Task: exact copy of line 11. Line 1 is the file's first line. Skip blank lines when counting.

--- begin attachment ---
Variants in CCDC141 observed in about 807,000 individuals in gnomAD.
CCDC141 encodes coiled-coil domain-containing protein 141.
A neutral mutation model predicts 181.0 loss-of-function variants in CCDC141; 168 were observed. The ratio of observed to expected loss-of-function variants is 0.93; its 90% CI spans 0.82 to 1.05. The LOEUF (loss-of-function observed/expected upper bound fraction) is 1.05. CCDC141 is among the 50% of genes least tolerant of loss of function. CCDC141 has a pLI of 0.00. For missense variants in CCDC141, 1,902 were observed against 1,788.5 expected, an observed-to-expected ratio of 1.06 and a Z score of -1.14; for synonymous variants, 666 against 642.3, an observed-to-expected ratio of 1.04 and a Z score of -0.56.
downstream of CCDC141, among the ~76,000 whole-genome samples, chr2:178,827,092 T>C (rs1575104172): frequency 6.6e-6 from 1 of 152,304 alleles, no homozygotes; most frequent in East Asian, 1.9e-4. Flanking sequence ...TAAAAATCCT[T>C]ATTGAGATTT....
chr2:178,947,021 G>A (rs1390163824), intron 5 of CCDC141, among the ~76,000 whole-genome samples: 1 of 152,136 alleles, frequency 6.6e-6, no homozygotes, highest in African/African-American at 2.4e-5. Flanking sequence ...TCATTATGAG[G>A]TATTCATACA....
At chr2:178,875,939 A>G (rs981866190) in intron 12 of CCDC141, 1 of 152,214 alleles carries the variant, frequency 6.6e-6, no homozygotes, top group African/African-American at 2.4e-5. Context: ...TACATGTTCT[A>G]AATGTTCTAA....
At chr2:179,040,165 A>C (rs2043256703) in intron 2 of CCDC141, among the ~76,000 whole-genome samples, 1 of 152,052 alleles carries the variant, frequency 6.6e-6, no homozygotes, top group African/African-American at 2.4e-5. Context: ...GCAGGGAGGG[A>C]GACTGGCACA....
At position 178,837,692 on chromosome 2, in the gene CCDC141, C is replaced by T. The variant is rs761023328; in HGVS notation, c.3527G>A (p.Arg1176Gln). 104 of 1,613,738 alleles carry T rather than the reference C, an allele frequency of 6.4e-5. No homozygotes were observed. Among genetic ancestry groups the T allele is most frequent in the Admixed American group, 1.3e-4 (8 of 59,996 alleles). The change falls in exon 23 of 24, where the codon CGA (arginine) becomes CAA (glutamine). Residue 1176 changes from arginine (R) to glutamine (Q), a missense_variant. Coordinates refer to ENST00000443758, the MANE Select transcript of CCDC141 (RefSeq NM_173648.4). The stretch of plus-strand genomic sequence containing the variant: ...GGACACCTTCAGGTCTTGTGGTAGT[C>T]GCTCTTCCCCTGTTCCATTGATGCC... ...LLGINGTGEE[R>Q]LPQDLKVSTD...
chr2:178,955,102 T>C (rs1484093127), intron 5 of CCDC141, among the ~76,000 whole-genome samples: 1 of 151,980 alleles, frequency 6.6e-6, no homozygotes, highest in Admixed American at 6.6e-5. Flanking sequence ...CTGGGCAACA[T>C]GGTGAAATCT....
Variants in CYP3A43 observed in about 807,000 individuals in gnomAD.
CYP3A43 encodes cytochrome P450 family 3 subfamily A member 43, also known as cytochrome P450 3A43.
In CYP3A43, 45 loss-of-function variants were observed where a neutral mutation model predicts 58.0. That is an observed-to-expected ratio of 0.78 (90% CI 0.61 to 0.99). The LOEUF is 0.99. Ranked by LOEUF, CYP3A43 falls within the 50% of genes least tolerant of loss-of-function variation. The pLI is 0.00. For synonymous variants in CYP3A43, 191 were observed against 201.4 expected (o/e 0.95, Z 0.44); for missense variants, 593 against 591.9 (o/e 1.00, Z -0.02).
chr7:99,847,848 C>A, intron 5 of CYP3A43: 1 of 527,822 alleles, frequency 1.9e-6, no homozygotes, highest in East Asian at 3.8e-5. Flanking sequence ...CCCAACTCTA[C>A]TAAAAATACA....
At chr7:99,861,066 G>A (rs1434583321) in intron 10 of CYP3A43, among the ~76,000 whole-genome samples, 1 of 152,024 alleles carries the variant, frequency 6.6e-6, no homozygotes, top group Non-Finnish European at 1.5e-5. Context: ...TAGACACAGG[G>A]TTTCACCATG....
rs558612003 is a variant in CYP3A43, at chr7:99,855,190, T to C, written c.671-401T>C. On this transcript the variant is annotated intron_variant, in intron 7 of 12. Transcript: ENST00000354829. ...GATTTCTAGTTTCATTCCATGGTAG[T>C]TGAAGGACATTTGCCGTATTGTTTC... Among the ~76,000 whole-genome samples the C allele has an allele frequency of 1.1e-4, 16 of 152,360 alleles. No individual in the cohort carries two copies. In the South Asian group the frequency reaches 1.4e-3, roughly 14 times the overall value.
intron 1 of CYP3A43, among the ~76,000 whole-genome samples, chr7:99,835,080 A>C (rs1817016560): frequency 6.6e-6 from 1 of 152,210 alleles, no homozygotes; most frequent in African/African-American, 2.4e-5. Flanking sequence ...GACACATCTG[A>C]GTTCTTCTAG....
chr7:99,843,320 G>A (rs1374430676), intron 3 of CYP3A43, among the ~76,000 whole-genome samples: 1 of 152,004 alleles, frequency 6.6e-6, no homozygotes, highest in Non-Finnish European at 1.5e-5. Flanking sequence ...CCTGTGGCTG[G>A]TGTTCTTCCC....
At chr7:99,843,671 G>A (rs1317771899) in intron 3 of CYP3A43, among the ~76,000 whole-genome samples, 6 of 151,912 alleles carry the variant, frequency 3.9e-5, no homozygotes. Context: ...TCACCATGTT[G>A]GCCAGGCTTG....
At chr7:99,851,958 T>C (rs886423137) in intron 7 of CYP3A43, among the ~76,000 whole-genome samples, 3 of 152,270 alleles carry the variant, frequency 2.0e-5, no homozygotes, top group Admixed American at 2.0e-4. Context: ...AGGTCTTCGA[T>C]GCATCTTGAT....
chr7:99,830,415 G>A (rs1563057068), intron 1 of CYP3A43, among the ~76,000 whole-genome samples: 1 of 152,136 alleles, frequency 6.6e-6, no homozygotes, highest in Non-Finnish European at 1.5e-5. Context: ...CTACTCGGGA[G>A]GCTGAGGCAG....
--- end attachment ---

CYP3A43 encodes cytochrome P450 family 3 subfamily A member 43, also known as cytochrome P450 3A43.